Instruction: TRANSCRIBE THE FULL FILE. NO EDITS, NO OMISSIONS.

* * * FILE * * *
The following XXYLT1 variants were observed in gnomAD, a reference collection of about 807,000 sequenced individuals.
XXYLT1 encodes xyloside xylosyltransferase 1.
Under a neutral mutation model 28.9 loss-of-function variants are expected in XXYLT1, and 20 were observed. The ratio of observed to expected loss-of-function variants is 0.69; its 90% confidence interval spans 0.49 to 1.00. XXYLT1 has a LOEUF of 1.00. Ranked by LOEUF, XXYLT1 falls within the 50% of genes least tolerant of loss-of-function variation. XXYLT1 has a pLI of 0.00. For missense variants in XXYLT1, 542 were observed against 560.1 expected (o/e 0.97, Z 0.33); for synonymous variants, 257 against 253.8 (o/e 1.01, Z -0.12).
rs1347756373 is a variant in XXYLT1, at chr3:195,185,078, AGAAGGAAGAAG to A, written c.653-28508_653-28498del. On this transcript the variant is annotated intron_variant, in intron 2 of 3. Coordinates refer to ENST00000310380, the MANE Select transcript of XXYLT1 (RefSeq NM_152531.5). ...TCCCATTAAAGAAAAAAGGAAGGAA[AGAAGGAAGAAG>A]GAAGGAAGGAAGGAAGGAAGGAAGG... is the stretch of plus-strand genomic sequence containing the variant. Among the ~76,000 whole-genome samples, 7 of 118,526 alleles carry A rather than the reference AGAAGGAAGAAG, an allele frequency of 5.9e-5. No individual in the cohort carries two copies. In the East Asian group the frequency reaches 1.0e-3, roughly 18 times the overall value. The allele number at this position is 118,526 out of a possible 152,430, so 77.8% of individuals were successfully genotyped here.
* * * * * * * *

The following XXYLT1 variants were observed in gnomAD, a reference collection of about 807,000 sequenced individuals.
XXYLT1 encodes xyloside xylosyltransferase 1.
Under a neutral mutation model 28.9 loss-of-function variants are expected in XXYLT1, and 20 were observed. The ratio of observed to expected loss-of-function variants is 0.69; its 90% confidence interval spans 0.49 to 1.00. XXYLT1 has a LOEUF of 1.00. Ranked by LOEUF, XXYLT1 falls within the 50% of genes least tolerant of loss-of-function variation. XXYLT1 has a pLI of 0.00. For missense variants in XXYLT1, 542 were observed against 560.1 expected (o/e 0.97, Z 0.33); for synonymous variants, 257 against 253.8 (o/e 1.01, Z -0.12).
rs1347756373 is a variant in XXYLT1, at chr3:195,185,078, AGAAGGAAGAAG to A, written c.653-28508_653-28498del. On this transcript the variant is annotated intron_variant, in intron 2 of 3. Coordinates refer to ENST00000310380, the MANE Select transcript of XXYLT1 (RefSeq NM_152531.5). ...TCCCATTAAAGAAAAAAGGAAGGAA[AGAAGGAAGAAG>A]GAAGGAAGGAAGGAAGGAAGGAAGG... is the stretch of plus-strand genomic sequence containing the variant. Among the ~76,000 whole-genome samples, 7 of 118,526 alleles carry A rather than the reference AGAAGGAAGAAG, an allele frequency of 5.9e-5. No individual in the cohort carries two copies. In the East Asian group the frequency reaches 1.0e-3, roughly 18 times the overall value. The allele number at this position is 118,526 out of a possible 152,430, so 77.8% of individuals were successfully genotyped here.